The area takes its name from the church of S. Agnes, apparently built before the year 1000 by the family Melini.
The story of St. Agnes, which resembles very much that of Saint Lucia, dates back to the Roman Empire: Angese was martyred very young (apparently about 12 or 13 years) and highly venerated by the Christian community.
There are various versions of her martyrdom: by being burned alive, to being beheaded since the fire did not tuch her, up to being first put in a brothel where only one young man had the courage to try to approach her being blinded by an angel.
Over the centuries many curious episodes have occurred in the St. Agnes. We name a few: in the district were transported in the fourteenth century the inhabitants of the island of Poveglia, quarrelsome and disobedient to the government. At St. Agnes began the plague of 1600, brought by Giovanni Maria Tirinello, carpenter, who lived behind the tower and that seems to have contracted the disease by going to work for the Guardians of Health on the San Clemente island, where the Marquis of Strigis , ambassador of the Duke of Mantua, had recently died of the plague with five servants. An explosion generated by the excavation for the construction of an artesian well, resulting in a column of mud and sand, driven by the water and gases emitted during the drilling, to come up to forty meters high then falling upon the church and the adjacent buildings.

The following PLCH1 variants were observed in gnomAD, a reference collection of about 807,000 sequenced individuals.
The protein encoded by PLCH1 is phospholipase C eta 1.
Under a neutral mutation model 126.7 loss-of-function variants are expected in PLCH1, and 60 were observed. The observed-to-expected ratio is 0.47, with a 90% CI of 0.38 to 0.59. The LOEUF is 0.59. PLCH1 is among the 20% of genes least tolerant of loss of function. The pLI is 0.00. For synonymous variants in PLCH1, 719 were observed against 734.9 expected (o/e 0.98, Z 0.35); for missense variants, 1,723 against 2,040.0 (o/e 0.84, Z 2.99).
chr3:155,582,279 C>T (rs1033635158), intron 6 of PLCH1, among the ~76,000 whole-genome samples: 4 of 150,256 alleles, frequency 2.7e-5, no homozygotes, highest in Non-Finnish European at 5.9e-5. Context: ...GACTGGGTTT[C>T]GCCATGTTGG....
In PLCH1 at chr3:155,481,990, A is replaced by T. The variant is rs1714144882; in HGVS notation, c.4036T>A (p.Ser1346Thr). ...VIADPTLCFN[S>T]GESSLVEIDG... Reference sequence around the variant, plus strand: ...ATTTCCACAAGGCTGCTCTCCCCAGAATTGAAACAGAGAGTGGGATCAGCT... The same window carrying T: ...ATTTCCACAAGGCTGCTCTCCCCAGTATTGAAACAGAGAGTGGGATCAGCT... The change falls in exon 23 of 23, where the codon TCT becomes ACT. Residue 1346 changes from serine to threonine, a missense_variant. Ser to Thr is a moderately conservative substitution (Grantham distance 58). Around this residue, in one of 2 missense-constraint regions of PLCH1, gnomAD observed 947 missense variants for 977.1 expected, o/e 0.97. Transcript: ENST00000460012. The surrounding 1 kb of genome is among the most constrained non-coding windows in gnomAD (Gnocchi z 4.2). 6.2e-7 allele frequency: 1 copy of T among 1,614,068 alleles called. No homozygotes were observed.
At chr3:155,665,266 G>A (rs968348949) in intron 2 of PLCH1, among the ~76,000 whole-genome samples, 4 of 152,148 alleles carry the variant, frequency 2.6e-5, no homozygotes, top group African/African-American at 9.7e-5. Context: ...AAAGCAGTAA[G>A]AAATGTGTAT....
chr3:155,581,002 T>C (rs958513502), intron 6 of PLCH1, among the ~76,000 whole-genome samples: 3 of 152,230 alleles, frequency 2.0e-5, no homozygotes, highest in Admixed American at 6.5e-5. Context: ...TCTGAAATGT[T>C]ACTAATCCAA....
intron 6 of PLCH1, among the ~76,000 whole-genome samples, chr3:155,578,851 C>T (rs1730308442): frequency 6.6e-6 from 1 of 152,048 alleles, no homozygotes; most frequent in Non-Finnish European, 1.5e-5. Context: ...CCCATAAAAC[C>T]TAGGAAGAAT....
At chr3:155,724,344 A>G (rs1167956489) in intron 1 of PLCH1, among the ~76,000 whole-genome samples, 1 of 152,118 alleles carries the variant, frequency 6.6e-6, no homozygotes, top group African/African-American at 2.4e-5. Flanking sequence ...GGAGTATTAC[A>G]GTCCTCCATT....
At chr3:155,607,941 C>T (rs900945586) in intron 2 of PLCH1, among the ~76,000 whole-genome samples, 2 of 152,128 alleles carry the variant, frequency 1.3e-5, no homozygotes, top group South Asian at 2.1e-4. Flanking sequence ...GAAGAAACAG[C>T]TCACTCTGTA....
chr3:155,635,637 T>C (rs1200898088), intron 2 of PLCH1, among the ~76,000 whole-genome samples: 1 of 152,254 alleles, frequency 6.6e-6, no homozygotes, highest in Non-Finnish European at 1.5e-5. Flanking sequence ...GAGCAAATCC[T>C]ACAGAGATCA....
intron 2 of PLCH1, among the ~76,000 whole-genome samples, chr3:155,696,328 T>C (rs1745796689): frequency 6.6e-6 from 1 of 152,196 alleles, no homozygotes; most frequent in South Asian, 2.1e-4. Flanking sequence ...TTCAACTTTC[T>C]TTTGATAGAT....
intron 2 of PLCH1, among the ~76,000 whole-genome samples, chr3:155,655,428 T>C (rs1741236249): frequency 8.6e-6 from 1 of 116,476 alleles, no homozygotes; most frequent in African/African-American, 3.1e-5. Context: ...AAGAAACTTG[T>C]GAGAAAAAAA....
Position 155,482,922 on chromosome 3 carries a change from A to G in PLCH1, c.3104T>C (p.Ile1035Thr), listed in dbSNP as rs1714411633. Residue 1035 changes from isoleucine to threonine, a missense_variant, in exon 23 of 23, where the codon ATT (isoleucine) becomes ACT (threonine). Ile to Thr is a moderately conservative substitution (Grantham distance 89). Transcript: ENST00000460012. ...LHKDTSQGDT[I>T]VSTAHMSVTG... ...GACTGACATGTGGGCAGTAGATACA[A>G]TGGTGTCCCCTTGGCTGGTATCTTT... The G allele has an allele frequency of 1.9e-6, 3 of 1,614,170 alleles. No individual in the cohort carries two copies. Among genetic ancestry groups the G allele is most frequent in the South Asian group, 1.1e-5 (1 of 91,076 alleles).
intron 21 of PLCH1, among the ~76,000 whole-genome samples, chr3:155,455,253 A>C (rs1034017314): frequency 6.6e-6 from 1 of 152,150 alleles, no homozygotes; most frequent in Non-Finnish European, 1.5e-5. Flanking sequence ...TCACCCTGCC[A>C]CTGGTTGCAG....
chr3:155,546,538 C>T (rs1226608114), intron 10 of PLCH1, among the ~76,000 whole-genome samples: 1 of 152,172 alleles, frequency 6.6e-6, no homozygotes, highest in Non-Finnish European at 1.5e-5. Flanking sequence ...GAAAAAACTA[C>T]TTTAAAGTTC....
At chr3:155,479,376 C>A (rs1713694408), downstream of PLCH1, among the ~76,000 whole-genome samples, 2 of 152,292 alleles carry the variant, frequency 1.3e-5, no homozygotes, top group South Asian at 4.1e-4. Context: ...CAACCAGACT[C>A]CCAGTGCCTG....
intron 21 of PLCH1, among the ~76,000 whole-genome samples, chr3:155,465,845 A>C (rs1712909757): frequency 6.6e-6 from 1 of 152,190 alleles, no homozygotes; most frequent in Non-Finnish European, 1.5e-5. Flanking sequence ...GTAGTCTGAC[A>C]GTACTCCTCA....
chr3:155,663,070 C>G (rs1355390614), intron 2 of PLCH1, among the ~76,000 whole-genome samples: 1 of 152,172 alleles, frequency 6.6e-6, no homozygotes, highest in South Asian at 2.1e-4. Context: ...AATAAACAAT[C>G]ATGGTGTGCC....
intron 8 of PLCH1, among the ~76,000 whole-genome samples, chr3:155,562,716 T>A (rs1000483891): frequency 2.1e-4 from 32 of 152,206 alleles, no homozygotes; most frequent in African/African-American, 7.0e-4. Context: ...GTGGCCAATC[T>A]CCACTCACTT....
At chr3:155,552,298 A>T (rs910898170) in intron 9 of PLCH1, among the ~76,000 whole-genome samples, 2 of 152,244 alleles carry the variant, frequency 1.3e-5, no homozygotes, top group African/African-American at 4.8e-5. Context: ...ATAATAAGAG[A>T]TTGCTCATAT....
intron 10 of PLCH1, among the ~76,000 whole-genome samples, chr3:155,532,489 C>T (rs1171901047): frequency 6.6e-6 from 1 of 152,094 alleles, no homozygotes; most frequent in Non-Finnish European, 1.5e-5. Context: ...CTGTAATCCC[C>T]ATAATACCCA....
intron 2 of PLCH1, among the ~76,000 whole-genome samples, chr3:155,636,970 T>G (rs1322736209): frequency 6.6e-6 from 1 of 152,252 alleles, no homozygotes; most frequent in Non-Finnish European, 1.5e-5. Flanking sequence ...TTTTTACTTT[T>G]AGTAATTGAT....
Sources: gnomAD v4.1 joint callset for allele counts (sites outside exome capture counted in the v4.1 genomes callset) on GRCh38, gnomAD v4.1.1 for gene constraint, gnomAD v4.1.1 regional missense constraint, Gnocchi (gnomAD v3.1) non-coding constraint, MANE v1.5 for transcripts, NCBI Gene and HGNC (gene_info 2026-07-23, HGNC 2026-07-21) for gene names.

At the center of the square is a well head, dating from 1500, which shows the date of construction and a relief which, it is said, depicts St. Agnes with the palm of martyrdom and a lamb.